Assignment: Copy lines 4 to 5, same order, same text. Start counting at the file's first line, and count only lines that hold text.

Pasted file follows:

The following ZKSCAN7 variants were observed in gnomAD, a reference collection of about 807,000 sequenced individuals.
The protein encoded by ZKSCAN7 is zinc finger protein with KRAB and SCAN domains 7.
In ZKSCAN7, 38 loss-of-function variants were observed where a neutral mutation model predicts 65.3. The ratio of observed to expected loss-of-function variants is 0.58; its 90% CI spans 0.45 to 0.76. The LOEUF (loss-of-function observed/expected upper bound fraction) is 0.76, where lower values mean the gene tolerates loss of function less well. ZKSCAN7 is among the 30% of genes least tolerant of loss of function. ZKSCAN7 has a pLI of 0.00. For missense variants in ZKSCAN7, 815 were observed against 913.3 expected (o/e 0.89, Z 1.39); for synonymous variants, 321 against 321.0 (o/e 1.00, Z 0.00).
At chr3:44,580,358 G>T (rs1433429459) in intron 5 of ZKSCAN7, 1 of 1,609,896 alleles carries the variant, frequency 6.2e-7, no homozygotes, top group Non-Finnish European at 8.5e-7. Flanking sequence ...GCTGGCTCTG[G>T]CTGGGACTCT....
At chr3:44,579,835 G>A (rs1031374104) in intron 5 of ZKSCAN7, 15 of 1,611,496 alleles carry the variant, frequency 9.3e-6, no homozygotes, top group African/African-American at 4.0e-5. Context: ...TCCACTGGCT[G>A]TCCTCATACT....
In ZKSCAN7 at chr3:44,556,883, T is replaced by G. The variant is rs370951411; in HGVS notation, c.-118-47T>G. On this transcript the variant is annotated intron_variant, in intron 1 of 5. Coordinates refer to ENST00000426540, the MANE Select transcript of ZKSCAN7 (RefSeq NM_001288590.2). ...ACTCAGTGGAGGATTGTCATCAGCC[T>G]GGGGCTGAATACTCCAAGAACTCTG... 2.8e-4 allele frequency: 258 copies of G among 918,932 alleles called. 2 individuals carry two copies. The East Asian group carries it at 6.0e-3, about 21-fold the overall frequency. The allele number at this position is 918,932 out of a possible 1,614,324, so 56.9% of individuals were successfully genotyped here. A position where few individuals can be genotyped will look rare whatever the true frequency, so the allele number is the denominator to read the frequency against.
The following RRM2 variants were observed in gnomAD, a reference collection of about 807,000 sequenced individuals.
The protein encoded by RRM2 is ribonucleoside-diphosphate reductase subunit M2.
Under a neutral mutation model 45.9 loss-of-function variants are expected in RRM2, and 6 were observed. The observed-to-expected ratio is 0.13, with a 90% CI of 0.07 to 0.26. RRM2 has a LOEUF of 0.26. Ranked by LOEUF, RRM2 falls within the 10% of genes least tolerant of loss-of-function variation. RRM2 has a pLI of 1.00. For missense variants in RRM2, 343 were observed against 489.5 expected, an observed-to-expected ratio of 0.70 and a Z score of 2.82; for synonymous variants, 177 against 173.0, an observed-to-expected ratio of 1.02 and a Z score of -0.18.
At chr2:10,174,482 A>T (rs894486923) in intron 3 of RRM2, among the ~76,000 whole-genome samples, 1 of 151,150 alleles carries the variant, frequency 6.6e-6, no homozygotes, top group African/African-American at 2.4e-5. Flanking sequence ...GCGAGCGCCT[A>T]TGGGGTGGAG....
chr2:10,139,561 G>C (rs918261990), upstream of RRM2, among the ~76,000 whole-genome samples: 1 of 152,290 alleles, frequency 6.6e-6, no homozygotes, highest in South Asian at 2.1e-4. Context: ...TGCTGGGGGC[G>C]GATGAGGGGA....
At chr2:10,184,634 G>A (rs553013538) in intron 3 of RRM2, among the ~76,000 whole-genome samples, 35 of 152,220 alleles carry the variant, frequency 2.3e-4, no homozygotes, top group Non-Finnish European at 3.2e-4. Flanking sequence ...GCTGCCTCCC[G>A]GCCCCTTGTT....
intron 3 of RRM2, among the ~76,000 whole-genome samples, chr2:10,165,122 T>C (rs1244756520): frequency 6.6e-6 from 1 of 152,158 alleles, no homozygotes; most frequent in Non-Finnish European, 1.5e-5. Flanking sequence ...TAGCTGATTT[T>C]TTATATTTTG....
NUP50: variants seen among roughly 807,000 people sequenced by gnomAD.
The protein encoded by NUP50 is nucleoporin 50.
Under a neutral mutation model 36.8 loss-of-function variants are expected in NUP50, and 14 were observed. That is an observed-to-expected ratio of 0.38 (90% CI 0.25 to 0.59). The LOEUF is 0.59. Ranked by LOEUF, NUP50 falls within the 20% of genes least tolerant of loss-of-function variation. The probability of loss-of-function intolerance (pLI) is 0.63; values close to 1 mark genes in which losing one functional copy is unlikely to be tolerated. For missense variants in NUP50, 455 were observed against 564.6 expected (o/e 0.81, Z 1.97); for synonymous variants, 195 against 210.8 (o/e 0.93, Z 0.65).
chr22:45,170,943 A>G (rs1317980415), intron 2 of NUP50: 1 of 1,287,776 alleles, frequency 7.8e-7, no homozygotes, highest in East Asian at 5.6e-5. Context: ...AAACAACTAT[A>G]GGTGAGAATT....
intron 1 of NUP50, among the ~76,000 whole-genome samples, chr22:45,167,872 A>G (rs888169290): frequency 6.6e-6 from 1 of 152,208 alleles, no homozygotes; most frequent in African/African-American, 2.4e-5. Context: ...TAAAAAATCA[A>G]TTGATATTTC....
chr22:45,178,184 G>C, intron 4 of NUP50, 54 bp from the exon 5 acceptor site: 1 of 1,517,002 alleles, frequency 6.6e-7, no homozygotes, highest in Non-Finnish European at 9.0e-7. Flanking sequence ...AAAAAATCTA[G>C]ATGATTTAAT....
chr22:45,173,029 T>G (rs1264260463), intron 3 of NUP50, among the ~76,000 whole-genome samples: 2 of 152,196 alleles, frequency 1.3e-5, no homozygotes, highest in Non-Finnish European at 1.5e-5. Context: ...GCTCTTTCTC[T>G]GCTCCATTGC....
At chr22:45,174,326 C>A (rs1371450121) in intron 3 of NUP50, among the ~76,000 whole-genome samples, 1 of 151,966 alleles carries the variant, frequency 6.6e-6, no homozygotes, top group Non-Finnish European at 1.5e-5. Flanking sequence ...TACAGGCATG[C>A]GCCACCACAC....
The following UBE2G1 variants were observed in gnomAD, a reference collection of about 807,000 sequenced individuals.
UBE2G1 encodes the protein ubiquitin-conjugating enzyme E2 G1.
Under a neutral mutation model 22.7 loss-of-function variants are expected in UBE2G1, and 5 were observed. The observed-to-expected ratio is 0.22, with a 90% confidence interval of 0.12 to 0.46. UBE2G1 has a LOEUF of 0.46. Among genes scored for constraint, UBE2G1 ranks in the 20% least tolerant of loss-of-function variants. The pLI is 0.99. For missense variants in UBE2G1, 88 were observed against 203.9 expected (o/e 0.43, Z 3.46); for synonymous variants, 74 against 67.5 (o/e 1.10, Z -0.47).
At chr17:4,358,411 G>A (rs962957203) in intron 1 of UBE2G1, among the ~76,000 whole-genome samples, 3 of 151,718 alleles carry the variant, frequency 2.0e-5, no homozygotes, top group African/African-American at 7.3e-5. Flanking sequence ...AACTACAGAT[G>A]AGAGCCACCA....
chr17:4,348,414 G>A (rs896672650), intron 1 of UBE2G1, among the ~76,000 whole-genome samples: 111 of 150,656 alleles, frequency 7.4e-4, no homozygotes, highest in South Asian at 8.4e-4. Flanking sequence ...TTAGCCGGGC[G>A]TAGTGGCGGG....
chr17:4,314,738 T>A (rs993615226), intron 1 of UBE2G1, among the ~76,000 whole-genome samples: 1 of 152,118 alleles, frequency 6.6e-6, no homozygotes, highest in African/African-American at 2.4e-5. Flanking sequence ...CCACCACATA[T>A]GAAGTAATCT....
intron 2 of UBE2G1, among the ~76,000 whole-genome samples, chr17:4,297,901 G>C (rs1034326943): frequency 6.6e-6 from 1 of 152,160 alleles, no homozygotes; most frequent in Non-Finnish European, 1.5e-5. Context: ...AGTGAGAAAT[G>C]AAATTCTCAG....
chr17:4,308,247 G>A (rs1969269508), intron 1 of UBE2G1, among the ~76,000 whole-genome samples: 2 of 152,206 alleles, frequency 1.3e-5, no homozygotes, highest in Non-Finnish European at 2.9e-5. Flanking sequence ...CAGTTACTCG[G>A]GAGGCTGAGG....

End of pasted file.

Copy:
At chr3:44,580,358 G>T (rs1433429459) in intron 5 of ZKSCAN7, 1 of 1,609,896 alleles carries the variant, frequency 6.2e-7, no homozygotes, top group Non-Finnish European at 8.5e-7. Flanking sequence ...GCTGGCTCTG[G>T]CTGGGACTCT....
At chr3:44,579,835 G>A (rs1031374104) in intron 5 of ZKSCAN7, 15 of 1,611,496 alleles carry the variant, frequency 9.3e-6, no homozygotes, top group African/African-American at 4.0e-5. Context: ...TCCACTGGCT[G>A]TCCTCATACT....